Given wavelike dynamics and EDRlike connectivity, a key prediction of NFT is that the intrinsic geometry of the brain physically shapes and imposes boundary conditions on emergent dynamics^{7,8,25}. A remarkable corollary of this view is that, if we prioritize spatial and physical constraints on brain anatomy, we only need to consider the shape of the brain, and not its full array of topologically complex axonal interconnectivity, to understand spatially patterned activity. More formally, the theory predicts that eigenmodes derived from brain geometry—hereafter referred to as geometric eigenmodes—represent a more fundamental anatomical constraint on dynamics than the connectome^{7,8,25}. This view stands in stark contrast to the classical view that complex patterns of interregional anatomical connectivity shape brain activity^{26}.
Here we test these competing views of the brain with the aim of identifying the principal structural constraints on human brain dynamics. In line with theoretical predictions from NFT, we show that diverse experimental fMRI data from spontaneous and taskevoked recordings in the human neocortex can be explained more parsimoniously by eigenmodes derived from cortical geometry (geometric eigenmodes) than by those obtained from measures of brain connectivity (connectome eigenmodes). We further confirm that stimulusevoked activity is dominated by excitations of geometric eigenmodes with long spatial wavelengths, challenging classical views that such activity is localized to focal, spatially isolated clusters. To directly link these structural constraints to the physical processes driving brain dynamics, we use a generative model to show how wave dynamics unfolding on the geometry of the cortex can explain diverse features of functional brain organization. Finally, we show that the close relationship between geometry and function captured by eigenmodes extends to nonneocortical structures, indicating that this link is a universal property of brain organization.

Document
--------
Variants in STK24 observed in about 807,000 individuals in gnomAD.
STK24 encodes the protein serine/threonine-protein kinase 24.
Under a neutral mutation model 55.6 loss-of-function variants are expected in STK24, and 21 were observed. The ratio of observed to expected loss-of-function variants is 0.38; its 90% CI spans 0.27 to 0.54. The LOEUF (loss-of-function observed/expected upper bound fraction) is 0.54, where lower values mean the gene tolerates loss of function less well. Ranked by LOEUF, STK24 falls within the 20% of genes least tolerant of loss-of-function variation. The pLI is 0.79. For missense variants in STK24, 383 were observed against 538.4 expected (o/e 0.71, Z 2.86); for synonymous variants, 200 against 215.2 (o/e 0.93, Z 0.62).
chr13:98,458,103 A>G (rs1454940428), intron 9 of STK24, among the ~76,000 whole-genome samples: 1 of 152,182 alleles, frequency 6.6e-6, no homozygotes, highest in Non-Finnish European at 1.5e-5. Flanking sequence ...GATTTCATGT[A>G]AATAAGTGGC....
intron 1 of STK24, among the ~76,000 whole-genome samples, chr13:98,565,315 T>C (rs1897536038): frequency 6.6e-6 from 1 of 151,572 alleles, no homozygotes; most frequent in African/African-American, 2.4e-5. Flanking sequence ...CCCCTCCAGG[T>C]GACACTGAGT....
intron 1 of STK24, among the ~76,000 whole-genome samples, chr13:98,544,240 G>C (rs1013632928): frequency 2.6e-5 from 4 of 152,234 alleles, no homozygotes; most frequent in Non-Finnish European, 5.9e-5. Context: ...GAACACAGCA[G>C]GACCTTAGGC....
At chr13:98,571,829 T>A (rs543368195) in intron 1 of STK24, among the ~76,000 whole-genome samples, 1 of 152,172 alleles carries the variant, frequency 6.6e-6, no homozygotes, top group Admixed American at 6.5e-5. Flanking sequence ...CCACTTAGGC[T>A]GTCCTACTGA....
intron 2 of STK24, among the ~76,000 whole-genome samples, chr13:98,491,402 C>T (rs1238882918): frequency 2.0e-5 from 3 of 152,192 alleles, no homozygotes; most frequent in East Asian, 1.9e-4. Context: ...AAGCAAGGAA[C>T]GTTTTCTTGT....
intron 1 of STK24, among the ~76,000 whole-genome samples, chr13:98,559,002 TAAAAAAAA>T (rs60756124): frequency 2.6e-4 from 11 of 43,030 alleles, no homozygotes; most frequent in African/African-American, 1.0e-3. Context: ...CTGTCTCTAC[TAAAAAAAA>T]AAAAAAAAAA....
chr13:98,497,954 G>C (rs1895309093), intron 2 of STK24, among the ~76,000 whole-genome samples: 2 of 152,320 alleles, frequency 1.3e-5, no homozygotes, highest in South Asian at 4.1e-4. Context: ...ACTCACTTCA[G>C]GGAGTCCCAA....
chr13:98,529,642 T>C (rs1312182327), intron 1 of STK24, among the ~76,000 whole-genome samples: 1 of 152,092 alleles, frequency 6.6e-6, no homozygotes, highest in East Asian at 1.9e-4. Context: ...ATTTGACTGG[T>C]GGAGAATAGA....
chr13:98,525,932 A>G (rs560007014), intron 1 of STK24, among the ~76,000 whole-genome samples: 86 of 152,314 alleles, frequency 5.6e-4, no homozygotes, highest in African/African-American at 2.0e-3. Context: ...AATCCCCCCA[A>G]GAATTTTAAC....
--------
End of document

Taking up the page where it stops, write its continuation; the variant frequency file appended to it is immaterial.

Geometric modes constrain cortical activity
We first examine the degree to which geometric eigenmodes can explain diverse aspects of human neocortical activity. To derive the eigenmodes, we use a mesh representation of a populationaveraged template of the neocortical surface (Fig. 1a and Derivation of cortical geometric eigenmodes in Methods). We then construct the Laplace–Beltrami operator (LBO) from this surface mesh, which captures local vertextovertex spatial relations and curvature, and solve the eigenvalue problem,